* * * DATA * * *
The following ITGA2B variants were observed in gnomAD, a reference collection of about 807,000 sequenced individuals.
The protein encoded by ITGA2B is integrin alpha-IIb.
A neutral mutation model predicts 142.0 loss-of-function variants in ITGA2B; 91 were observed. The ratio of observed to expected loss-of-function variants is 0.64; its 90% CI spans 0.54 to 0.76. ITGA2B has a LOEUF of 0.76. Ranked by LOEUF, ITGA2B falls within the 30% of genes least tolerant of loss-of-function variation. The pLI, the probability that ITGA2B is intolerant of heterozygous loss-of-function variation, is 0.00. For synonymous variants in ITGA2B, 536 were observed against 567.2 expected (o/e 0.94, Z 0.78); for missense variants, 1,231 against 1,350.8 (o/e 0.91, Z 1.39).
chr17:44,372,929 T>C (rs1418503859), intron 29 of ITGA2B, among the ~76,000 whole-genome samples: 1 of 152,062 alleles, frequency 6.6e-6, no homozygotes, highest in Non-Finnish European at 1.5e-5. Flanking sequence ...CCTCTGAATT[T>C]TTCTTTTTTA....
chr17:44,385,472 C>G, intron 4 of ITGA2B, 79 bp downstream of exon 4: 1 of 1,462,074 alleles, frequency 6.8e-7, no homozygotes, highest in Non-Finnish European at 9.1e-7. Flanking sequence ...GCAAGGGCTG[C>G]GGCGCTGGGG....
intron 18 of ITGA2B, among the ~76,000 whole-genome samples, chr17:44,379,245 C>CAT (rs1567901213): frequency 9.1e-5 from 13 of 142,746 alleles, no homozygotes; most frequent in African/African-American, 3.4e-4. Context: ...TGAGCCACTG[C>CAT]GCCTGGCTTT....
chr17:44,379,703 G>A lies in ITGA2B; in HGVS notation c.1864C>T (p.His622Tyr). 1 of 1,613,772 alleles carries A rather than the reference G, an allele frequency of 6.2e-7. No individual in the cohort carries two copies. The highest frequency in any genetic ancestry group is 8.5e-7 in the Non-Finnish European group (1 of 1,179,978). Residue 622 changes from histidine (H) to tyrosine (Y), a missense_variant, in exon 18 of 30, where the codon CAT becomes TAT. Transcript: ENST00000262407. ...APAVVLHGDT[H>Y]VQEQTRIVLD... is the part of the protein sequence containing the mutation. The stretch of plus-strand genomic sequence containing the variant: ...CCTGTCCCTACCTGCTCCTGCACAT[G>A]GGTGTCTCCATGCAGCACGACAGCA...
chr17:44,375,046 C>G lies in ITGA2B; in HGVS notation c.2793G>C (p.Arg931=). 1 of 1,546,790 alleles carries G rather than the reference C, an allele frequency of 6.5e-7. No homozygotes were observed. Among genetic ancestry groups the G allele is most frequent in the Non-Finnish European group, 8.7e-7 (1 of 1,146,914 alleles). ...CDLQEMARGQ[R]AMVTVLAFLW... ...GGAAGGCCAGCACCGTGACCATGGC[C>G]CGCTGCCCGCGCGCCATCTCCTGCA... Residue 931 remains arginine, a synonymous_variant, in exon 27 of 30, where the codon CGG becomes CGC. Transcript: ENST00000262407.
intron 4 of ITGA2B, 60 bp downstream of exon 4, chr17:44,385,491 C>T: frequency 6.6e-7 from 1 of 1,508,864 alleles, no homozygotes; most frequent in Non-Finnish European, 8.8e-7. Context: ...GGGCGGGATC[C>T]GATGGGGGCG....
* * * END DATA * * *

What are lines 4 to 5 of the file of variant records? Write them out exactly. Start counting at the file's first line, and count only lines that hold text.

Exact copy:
chr17:44,372,929 T>C (rs1418503859), intron 29 of ITGA2B, among the ~76,000 whole-genome samples: 1 of 152,062 alleles, frequency 6.6e-6, no homozygotes, highest in Non-Finnish European at 1.5e-5. Flanking sequence ...CCTCTGAATT[T>C]TTCTTTTTTA....
chr17:44,385,472 C>G, intron 4 of ITGA2B, 79 bp downstream of exon 4: 1 of 1,462,074 alleles, frequency 6.8e-7, no homozygotes, highest in Non-Finnish European at 9.1e-7. Flanking sequence ...GCAAGGGCTG[C>G]GGCGCTGGGG....